International Schooling believes in quality education.
International Schooling believes in quality education for one and all. When we discussed the concept and foundation structure of International Schooling with some of the Malaysian educators, we received a very encouraging ‘thumbs up’. They were of the view that although the concept shall hold its stead globally, it is all the more relevant for Malaysian youth. A large chunk of Malaysian students are keen to look for higher-education options overseas. However, due to the paucity of right information and knowledge at the right time, some of them do not make the cut. This in turn has a wider impact on the total ‘Educational Quotient’ of Malaysia. What the students require is an option that helps them acquire knowledge, skills and acceptance. With the higher education space becoming a more global scenario, and universities and colleges from all over the world looking at Malaysian shores for students, it is imperative that International Schooling concept be implemented in Malaysia soon.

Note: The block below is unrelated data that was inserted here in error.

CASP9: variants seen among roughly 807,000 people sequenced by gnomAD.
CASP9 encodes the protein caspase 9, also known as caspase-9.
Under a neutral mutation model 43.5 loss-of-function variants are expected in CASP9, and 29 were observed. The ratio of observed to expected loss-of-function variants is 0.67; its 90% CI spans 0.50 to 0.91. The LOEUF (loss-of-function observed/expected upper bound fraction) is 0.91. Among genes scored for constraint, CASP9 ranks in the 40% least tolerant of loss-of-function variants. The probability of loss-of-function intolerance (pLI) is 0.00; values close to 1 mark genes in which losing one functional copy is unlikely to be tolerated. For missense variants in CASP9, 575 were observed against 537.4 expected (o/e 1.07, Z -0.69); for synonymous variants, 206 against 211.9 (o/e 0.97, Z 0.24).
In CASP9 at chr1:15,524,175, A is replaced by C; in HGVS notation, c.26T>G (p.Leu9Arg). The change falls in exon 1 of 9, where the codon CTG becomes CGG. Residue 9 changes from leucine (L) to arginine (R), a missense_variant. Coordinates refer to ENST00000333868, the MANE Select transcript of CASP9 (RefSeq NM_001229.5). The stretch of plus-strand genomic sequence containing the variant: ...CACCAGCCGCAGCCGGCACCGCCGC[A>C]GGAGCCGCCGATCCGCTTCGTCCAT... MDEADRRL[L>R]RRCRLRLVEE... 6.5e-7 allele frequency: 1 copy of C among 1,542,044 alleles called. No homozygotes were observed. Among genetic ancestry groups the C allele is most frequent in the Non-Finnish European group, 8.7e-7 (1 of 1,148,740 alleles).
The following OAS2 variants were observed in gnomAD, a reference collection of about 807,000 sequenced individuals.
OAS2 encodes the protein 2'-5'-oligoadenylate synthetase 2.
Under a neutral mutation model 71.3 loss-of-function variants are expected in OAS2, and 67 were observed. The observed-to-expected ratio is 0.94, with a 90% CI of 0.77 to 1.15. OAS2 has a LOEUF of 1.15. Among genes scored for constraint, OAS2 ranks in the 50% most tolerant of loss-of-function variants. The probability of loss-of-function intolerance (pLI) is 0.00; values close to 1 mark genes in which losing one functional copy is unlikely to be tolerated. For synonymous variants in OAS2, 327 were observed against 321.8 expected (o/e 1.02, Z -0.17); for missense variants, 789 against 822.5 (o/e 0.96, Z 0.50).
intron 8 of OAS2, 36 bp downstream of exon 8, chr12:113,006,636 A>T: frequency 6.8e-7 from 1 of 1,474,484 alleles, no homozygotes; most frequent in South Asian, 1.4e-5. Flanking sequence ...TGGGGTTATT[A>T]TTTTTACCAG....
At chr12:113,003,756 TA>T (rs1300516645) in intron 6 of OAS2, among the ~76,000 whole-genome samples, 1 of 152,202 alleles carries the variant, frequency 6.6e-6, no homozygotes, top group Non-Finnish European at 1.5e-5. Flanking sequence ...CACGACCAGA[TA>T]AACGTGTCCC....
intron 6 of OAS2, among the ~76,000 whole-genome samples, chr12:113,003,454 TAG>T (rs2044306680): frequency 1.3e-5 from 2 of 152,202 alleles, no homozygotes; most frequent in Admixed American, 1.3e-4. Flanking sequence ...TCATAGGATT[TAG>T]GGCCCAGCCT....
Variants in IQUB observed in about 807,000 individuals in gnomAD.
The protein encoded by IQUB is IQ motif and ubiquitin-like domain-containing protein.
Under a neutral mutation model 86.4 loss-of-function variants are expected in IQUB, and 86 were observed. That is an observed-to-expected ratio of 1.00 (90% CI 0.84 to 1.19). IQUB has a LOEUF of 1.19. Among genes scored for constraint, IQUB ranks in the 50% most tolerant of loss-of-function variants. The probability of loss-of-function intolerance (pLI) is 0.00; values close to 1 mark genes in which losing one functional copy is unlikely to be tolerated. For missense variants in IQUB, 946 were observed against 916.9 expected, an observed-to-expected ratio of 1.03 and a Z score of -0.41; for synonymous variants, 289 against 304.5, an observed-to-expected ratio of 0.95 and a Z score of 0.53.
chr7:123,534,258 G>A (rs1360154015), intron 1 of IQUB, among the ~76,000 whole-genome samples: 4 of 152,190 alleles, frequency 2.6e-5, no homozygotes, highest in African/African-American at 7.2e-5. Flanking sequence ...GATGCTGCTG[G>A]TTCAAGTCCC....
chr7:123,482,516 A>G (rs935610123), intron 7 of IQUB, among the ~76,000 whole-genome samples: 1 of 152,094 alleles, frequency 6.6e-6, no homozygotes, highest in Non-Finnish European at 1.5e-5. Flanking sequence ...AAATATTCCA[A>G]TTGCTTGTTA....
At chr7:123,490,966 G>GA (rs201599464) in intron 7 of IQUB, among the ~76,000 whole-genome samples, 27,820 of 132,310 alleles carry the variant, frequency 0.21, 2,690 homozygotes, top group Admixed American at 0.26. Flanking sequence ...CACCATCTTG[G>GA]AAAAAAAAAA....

In Kuala Lumpur and Kota Kinabalu, International Schooling conducted 2 dedicated Focussed Group Discussions with a sample set of 100 and 80 parents respectively. These parents were from different academic backgrounds and work-profiles. During the discussion, we were keen to figure out 3 important issues:
1) What factors would make a Malaysian parent prefer a global education over an indigenous one?
2) What are the drawbacks of educating your child at home vs sending her/him to a regular school?
3) What components should be imbibed in education system to keep the parents updated with their ward’s performance?
The insights that we gained from the exercise helped us to understand Malaysian education system better. It also provided us a thorough understanding of the various factors that the Malaysian parents consider important, before choosing the schooling options for their wards. The exercise was far from over yet.
In another similar endeavour at the same two venues, we were involved in a 2 day workshop with students this time. It helped us to figure out the synergies and gaps between the aspirations and requirements of students and the aspirations of their parents regarding their wards’ careers. A large number of students wanted greater freedom in learning and assessment. On the contrary, the parents desired greater monitoring of the child’s performance and a more regulated approach to their studies. A mother of twin daughters who were studying in Grade IX remarked “I am extremely comfortable with giving my daughters more space and freedom of learning, as long as I am sure that the education system makes them learn better on its own.”